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Reid v. GE Capital Retail Bank

United States District Court, Southern District of Georgia

December 9, 2014




Before the Court are Defendant's motions to dismiss Plaintiff's complaint (docs. nos. 8, 10) under the Telephone Consumer Protection Act ("T.C.P.A."), 47 U.S.C. § 227. For the reasons stated herein, Defendant's motions to dismiss are DENIED.


On March 21, 2014, Plaintiff filed a complaint alleging that Defendant's numerous automated debt collection calls to Plaintiff's cellular telephone violated the T.C.P.A. Defendant filed a motion to dismiss, then Plaintiff filed an amended complaint. (Docs. nos. 8, 9.)

Plaintiff alleges that, during a telephone conversation with Defendant's representative "Lex" on February 18, 2014, Plaintiff orally revoked any consent to receive Defendant's calls to her cell phone using an "automatic telephone dialing system" ("A.T.D.S."). (Am. Compl. ¶¶ 12-14.) After Plaintiff revoked her consent, Plaintiff alleges that Defendant placed at least fifty-four automated calls to her cell phone number (912) 412-70XX from (330) 433-5979 using an A.T.D.S. (Id. ¶¶ 9, 10, 15, 16.) Defendant called Plaintiff everyday for two weeks as follows:

February 24, 2014: one call at 7:44pm;
February 25, 2014: four calls at 8:22am, 2:03pm, 4:42pm, 7:40pm;
February 26, 2014: two calls at 8:37am, 7:37pm;
February 27, 2014: four calls at 9:49am, 12:37pm, 3:33pm, 5:11pm;
February 28, 2014: four calls at 8:08am, 12:09pm, 3:55pm, 6:15pm;
March 1, 2014: four calls at 8:12am, 10:33am, 12:50pm, 8:05pm;
March 2, 2014: three calls at 1:02pm, 4:04pm, 8:01pm;
March 3, 2014: four calls at 8:32am, 1:34pm, 5:54pm, 7:55pm;
March 4, 2014: five calls at 9:20am, 11:44am, 1:12pm, 5:54pm, 8:33pm;
March 5, 2014: four calls at 8:38am, 1:00pm, 4:02pm, 5:33pm;
March 6, 2014: four calls at 8:55am, 11:29am, 1:31pm, 6:48pm;
March 7, 2014: four calls at 9:41am, 12:21pm, 5:49pm, 8:24pm;
March 8, 2014: four calls at 10:25am, 11:34am, 12:54pm, 3:03pm;
March 9, 2014: four calls at 8:18am, 9:47am, 10:59am, 1:25pm; and
March 10, 2014: three calls at 8:25am, 10:49am, 1:51pm.

(Id. ¶ 16.) On at least two occasions, Plaintiff received prerecorded voicemail messages from Defendant's phone number (330) 433-5979, but Plaintiff fails to allege the day, time or content of those alleged prerecorded messages. (Id. ¶ 11.) Plaintiff requests the Court enter judgment against Defendant for statutory damages of $500.00 for each negligent violation of the T.C.P.A. pursuant to 47 U.S.C. § 227(b)(3)(B) and $1, 500.00 for each knowing and/or willful violation pursuant to 47 U.S.C. § 227(b) (3) (B) - (C) . (Id., ¶¶ 17, 18.)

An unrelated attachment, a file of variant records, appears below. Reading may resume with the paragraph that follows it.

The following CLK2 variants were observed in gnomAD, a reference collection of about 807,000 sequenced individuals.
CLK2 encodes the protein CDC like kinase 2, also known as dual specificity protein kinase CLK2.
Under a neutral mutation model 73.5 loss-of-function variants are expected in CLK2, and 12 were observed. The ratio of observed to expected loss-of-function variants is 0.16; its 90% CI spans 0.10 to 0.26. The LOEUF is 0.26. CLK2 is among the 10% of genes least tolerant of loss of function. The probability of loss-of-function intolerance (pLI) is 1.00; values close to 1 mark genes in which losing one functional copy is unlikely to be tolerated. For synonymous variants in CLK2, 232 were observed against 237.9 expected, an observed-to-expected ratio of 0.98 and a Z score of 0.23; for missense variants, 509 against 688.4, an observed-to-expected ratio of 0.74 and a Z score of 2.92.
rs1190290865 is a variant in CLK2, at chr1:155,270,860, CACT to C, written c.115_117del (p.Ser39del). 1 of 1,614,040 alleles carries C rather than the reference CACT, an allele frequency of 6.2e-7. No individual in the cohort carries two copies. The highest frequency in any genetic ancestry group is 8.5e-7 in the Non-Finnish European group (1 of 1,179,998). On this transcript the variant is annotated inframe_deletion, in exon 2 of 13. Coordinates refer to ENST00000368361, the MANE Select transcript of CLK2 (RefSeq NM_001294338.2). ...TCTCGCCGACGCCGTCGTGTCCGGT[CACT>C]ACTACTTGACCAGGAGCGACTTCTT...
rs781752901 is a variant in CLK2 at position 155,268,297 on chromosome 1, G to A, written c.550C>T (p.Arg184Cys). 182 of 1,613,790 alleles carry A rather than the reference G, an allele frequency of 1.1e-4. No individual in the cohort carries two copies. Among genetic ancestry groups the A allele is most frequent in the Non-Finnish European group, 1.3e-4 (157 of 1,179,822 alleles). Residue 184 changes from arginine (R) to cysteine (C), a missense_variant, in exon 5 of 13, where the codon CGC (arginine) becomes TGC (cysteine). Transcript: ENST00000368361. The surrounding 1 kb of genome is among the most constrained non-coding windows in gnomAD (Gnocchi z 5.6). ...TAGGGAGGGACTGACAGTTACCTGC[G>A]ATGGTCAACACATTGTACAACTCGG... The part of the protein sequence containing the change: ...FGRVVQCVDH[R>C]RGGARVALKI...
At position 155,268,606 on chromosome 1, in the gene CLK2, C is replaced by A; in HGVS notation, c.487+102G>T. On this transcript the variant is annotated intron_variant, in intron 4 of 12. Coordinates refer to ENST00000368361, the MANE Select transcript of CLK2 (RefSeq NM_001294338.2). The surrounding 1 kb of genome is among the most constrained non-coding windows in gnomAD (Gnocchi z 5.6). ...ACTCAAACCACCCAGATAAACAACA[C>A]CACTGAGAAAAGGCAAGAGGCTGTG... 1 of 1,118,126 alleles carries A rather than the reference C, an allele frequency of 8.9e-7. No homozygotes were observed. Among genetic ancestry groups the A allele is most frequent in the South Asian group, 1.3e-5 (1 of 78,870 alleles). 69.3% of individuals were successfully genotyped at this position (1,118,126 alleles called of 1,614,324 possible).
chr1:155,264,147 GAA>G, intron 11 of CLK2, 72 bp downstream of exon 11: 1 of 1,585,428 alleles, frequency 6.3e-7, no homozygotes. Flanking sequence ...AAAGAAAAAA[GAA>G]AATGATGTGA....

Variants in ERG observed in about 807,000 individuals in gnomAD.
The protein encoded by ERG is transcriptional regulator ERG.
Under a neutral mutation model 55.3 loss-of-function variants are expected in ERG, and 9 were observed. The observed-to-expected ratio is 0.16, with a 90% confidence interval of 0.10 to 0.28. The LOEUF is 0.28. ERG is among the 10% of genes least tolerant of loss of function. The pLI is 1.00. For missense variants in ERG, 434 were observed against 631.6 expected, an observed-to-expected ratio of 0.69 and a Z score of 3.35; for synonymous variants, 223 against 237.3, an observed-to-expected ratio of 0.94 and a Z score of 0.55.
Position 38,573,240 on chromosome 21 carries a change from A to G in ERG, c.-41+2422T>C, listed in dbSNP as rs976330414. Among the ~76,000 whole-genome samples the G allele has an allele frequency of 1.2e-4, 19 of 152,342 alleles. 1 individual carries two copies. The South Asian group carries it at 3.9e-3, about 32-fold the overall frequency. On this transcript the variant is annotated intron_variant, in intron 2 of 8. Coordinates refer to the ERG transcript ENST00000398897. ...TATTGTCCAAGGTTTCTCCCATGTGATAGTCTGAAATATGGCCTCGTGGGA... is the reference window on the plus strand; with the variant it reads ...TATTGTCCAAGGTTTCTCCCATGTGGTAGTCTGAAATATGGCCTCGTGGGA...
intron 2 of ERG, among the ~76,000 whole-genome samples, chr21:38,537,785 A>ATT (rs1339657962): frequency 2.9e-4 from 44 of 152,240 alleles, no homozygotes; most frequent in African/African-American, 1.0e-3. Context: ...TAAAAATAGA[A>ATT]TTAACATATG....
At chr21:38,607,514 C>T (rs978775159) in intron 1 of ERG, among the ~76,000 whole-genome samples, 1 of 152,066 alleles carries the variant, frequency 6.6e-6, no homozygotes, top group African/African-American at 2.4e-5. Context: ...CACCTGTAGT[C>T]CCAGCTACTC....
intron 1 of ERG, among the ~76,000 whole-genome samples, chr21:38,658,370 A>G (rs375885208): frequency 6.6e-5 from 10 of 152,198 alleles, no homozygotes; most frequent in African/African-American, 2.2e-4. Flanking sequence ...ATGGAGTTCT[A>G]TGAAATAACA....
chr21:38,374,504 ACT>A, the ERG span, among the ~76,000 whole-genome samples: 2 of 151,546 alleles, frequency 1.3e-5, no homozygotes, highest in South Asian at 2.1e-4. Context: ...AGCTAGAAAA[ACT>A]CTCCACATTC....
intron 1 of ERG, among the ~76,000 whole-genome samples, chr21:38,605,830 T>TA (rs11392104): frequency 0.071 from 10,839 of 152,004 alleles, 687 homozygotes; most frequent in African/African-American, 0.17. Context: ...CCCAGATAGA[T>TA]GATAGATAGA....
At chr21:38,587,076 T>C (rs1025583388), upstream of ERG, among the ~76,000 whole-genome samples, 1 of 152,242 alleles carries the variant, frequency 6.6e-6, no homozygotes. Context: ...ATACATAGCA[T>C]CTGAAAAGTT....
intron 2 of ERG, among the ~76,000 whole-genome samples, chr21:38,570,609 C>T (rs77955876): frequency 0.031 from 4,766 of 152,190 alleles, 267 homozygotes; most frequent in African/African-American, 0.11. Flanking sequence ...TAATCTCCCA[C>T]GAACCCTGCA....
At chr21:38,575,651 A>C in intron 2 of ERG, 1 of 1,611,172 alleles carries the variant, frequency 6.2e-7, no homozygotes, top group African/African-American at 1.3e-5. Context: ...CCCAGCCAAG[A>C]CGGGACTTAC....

Defendant filed a motion to dismiss asserting that Plaintiff never revoked her consent and, even if she did, she does not sufficiently allege the use of an A.T.D.S. (Docs, nos. 8, 10.)


A. Standard for Motions to Dismiss

In considering a motion to dismiss under Federal Rule of Civil Procedure 12(b) (6), courts must accept as true all facts alleged in the complaint and construe all reasonable inferences in the light most favorable to the plaintiff. See Hoffman-Pucrh v. Ramsey. 312 F.3d 1222, 1225 (11th Cir. 2002) . Courts, however, need not accept the complaint's legal conclusions as true, only its well-pleaded facts. Ashcroft v. Iqbal, 556 U.S. 662, 678-79 (2009) . A complaint also must "contain sufficient factual matter, accepted as true, to state a claim to relief that is plausible on its face." Id. at 678 (citing Bell Atl. Corp. v. Twombly, 550 U.S. 544, 570 (2007)).

B. Legal Framework of the T.C.P.A.

In response to evidence that automated or prerecorded calls are a nuisance and an invasion of privacy, Congress passed the Telephone Consumer Protection Act to balance individuals' privacy rights, public safety interests, and commercial freedoms of speech and trade. Mais v. Gulf Coast Collection Bureau, Inc., 768 F.3d 1110, 1117 (11th Cir. 2014).

The T.C.P.A. prohibits any person from making any call (other than a call made for emergency purposes or made with the prior express consent of the called party) using any "automatic telephone dialing system" or an artificial or prerecorded voice to any telephone number assigned to a cellular telephone service. Id. (quoting 47 U.S.C. § 227(b)(1)). The term "automatic telephone dialing system" means equipment which has (a) the capacity to store or produce telephone numbers to be called, using a random or sequential number generator; and (b) the capacity to dial such numbers. 47 U.S.C. § 227(a)(1).

The T.C.P.A. creates a private right of action that allows a person to seek an injunction or monetary damages based on a violation of 47 U.S.C. § 227(b) . Mais, 768 F.3d at 1117; 47 U.S.C. § 227(b)(3). For each violation, a plaintiff can recover the greater of actual monetary loss or $500.00. Mais, 768 F.3d at 1117; 47 U.S.C. § 227(b) (3) (B) . Up to treble damages are available if the defendant committed a violation willfully or knowingly. Mais, 768 F.3d at 1117; 47 U.S.C. § 227(b)(3)(C).

C. Sufficiency of T.C.P.A. Allegations